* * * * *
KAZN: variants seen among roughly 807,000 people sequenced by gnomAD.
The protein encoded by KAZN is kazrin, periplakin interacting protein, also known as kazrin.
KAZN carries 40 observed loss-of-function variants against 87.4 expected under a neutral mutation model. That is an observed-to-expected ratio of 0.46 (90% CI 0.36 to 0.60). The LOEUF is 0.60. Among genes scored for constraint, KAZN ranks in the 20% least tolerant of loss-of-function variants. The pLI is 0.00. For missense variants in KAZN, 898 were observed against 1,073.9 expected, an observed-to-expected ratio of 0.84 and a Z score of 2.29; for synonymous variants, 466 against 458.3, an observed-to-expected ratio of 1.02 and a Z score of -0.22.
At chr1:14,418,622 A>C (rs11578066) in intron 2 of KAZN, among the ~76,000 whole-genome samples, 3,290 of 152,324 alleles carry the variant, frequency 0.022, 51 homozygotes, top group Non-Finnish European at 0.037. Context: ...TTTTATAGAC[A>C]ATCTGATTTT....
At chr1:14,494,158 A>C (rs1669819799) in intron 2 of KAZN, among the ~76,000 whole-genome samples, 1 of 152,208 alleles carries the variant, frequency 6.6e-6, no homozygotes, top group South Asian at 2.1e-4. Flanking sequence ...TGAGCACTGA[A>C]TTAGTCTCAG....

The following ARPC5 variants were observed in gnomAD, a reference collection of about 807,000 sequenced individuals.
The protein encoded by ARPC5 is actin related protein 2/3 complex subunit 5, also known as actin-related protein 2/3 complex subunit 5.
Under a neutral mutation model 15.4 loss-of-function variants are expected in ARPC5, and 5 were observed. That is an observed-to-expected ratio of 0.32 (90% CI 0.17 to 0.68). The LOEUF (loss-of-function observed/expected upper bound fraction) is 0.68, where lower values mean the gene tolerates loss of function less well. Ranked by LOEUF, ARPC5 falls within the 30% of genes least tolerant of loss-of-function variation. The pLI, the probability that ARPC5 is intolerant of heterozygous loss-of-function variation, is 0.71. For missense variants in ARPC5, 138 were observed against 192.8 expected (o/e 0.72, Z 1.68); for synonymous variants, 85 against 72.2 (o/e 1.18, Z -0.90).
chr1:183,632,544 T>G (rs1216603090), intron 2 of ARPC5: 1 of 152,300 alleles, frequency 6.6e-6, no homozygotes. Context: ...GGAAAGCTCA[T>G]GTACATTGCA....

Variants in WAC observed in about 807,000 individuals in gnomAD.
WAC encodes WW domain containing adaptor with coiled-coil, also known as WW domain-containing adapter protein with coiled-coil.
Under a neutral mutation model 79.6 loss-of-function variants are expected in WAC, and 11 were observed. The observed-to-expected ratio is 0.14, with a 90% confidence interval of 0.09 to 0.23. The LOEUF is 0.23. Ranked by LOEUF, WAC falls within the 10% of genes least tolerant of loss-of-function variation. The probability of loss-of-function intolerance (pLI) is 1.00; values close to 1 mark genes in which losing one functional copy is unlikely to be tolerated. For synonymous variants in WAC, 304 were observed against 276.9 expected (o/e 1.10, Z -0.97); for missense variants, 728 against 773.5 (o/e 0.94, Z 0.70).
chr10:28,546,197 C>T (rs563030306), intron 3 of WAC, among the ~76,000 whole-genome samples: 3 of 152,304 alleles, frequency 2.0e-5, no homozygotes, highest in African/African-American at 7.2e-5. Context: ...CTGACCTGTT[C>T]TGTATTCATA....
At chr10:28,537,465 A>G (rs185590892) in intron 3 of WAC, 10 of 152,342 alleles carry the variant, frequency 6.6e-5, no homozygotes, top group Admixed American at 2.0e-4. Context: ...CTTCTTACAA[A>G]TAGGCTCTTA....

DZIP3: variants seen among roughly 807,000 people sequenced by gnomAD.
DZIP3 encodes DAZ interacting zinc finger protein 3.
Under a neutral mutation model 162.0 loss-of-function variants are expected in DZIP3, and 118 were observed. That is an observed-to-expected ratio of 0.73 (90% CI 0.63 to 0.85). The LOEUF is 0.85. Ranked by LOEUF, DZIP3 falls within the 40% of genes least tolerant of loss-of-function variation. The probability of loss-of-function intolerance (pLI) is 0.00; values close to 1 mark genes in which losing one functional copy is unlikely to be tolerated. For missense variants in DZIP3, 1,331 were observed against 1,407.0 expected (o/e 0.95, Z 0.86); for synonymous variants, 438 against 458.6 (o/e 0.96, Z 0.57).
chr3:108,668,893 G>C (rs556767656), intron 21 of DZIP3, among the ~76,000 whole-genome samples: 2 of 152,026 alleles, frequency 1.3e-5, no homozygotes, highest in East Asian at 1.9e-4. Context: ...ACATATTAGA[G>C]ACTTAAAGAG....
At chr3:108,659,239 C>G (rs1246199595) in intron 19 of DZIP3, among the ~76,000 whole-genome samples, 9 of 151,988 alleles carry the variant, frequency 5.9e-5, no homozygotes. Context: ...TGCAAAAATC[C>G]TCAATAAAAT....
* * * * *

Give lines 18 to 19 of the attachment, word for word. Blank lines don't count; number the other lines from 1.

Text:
chr3:108,668,893 G>C (rs556767656), intron 21 of DZIP3, among the ~76,000 whole-genome samples: 2 of 152,026 alleles, frequency 1.3e-5, no homozygotes, highest in East Asian at 1.9e-4. Context: ...ACATATTAGA[G>C]ACTTAAAGAG....
At chr3:108,659,239 C>G (rs1246199595) in intron 19 of DZIP3, among the ~76,000 whole-genome samples, 9 of 151,988 alleles carry the variant, frequency 5.9e-5, no homozygotes. Context: ...TGCAAAAATC[C>G]TCAATAAAAT....